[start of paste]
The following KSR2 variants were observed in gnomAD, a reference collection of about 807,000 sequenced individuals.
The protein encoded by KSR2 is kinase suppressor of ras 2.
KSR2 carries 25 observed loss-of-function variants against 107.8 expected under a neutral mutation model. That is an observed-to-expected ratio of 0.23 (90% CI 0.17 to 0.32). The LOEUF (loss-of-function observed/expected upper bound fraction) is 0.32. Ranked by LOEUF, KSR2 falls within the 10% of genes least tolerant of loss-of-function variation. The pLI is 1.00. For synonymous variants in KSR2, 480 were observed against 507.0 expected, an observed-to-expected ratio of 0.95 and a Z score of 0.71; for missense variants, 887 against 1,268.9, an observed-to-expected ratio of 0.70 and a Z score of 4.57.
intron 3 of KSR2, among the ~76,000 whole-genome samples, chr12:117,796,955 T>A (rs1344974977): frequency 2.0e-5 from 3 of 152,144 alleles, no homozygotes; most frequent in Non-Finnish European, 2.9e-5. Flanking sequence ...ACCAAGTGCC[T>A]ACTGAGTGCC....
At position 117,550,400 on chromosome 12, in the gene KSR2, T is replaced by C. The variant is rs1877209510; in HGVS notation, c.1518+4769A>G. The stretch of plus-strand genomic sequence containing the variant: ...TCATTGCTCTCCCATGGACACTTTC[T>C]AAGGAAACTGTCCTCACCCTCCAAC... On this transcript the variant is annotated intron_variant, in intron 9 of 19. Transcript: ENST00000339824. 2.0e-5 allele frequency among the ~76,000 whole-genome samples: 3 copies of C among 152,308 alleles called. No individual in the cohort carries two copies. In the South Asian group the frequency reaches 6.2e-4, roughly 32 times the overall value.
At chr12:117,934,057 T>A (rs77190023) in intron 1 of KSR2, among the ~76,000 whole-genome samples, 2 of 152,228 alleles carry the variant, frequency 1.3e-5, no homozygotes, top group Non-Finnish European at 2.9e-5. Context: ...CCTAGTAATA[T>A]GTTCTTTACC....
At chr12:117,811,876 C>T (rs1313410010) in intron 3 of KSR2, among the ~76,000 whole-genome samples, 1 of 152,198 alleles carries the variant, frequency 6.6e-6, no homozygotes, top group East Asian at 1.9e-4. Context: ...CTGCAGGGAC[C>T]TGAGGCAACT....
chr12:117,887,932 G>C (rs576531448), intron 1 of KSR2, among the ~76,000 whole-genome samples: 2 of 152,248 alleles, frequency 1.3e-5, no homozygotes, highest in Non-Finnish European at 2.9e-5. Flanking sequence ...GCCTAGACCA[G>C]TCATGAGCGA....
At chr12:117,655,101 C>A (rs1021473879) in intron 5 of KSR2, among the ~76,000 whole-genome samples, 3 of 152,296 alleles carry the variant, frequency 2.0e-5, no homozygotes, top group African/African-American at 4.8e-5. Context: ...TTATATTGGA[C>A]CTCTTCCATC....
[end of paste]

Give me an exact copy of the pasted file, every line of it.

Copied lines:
The following KSR2 variants were observed in gnomAD, a reference collection of about 807,000 sequenced individuals.
The protein encoded by KSR2 is kinase suppressor of ras 2.
KSR2 carries 25 observed loss-of-function variants against 107.8 expected under a neutral mutation model. That is an observed-to-expected ratio of 0.23 (90% CI 0.17 to 0.32). The LOEUF (loss-of-function observed/expected upper bound fraction) is 0.32. Ranked by LOEUF, KSR2 falls within the 10% of genes least tolerant of loss-of-function variation. The pLI is 1.00. For synonymous variants in KSR2, 480 were observed against 507.0 expected, an observed-to-expected ratio of 0.95 and a Z score of 0.71; for missense variants, 887 against 1,268.9, an observed-to-expected ratio of 0.70 and a Z score of 4.57.
intron 3 of KSR2, among the ~76,000 whole-genome samples, chr12:117,796,955 T>A (rs1344974977): frequency 2.0e-5 from 3 of 152,144 alleles, no homozygotes; most frequent in Non-Finnish European, 2.9e-5. Flanking sequence ...ACCAAGTGCC[T>A]ACTGAGTGCC....
At position 117,550,400 on chromosome 12, in the gene KSR2, T is replaced by C. The variant is rs1877209510; in HGVS notation, c.1518+4769A>G. The stretch of plus-strand genomic sequence containing the variant: ...TCATTGCTCTCCCATGGACACTTTC[T>C]AAGGAAACTGTCCTCACCCTCCAAC... On this transcript the variant is annotated intron_variant, in intron 9 of 19. Transcript: ENST00000339824. 2.0e-5 allele frequency among the ~76,000 whole-genome samples: 3 copies of C among 152,308 alleles called. No individual in the cohort carries two copies. In the South Asian group the frequency reaches 6.2e-4, roughly 32 times the overall value.
At chr12:117,934,057 T>A (rs77190023) in intron 1 of KSR2, among the ~76,000 whole-genome samples, 2 of 152,228 alleles carry the variant, frequency 1.3e-5, no homozygotes, top group Non-Finnish European at 2.9e-5. Context: ...CCTAGTAATA[T>A]GTTCTTTACC....
At chr12:117,811,876 C>T (rs1313410010) in intron 3 of KSR2, among the ~76,000 whole-genome samples, 1 of 152,198 alleles carries the variant, frequency 6.6e-6, no homozygotes, top group East Asian at 1.9e-4. Context: ...CTGCAGGGAC[C>T]TGAGGCAACT....
chr12:117,887,932 G>C (rs576531448), intron 1 of KSR2, among the ~76,000 whole-genome samples: 2 of 152,248 alleles, frequency 1.3e-5, no homozygotes, highest in Non-Finnish European at 2.9e-5. Flanking sequence ...GCCTAGACCA[G>C]TCATGAGCGA....
At chr12:117,655,101 C>A (rs1021473879) in intron 5 of KSR2, among the ~76,000 whole-genome samples, 3 of 152,296 alleles carry the variant, frequency 2.0e-5, no homozygotes, top group African/African-American at 4.8e-5. Context: ...TTATATTGGA[C>A]CTCTTCCATC....